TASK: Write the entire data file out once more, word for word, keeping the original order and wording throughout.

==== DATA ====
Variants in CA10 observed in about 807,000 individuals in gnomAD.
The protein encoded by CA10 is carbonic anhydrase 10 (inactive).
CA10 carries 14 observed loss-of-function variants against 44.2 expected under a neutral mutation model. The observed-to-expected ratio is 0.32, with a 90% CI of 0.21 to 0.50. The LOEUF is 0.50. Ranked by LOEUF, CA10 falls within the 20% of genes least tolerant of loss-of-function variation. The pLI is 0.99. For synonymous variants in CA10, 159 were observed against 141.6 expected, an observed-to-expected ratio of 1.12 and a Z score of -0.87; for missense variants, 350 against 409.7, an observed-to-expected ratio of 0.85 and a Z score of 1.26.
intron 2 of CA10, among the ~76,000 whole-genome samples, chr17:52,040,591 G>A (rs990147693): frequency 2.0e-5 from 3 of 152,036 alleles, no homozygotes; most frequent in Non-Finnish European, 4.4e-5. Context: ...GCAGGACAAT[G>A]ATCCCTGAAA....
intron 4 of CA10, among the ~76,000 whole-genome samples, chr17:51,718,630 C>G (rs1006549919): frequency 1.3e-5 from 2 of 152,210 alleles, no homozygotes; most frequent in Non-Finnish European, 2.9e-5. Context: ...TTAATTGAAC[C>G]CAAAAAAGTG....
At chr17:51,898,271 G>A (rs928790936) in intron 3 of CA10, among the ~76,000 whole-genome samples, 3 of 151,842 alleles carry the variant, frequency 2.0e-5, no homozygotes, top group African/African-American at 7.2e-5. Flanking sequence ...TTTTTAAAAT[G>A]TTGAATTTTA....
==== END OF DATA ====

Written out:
Variants in CA10 observed in about 807,000 individuals in gnomAD.
The protein encoded by CA10 is carbonic anhydrase 10 (inactive).
CA10 carries 14 observed loss-of-function variants against 44.2 expected under a neutral mutation model. The observed-to-expected ratio is 0.32, with a 90% CI of 0.21 to 0.50. The LOEUF is 0.50. Ranked by LOEUF, CA10 falls within the 20% of genes least tolerant of loss-of-function variation. The pLI is 0.99. For synonymous variants in CA10, 159 were observed against 141.6 expected, an observed-to-expected ratio of 1.12 and a Z score of -0.87; for missense variants, 350 against 409.7, an observed-to-expected ratio of 0.85 and a Z score of 1.26.
intron 2 of CA10, among the ~76,000 whole-genome samples, chr17:52,040,591 G>A (rs990147693): frequency 2.0e-5 from 3 of 152,036 alleles, no homozygotes; most frequent in Non-Finnish European, 4.4e-5. Context: ...GCAGGACAAT[G>A]ATCCCTGAAA....
intron 4 of CA10, among the ~76,000 whole-genome samples, chr17:51,718,630 C>G (rs1006549919): frequency 1.3e-5 from 2 of 152,210 alleles, no homozygotes; most frequent in Non-Finnish European, 2.9e-5. Context: ...TTAATTGAAC[C>G]CAAAAAAGTG....
At chr17:51,898,271 G>A (rs928790936) in intron 3 of CA10, among the ~76,000 whole-genome samples, 3 of 151,842 alleles carry the variant, frequency 2.0e-5, no homozygotes, top group African/African-American at 7.2e-5. Flanking sequence ...TTTTTAAAAT[G>A]TTGAATTTTA....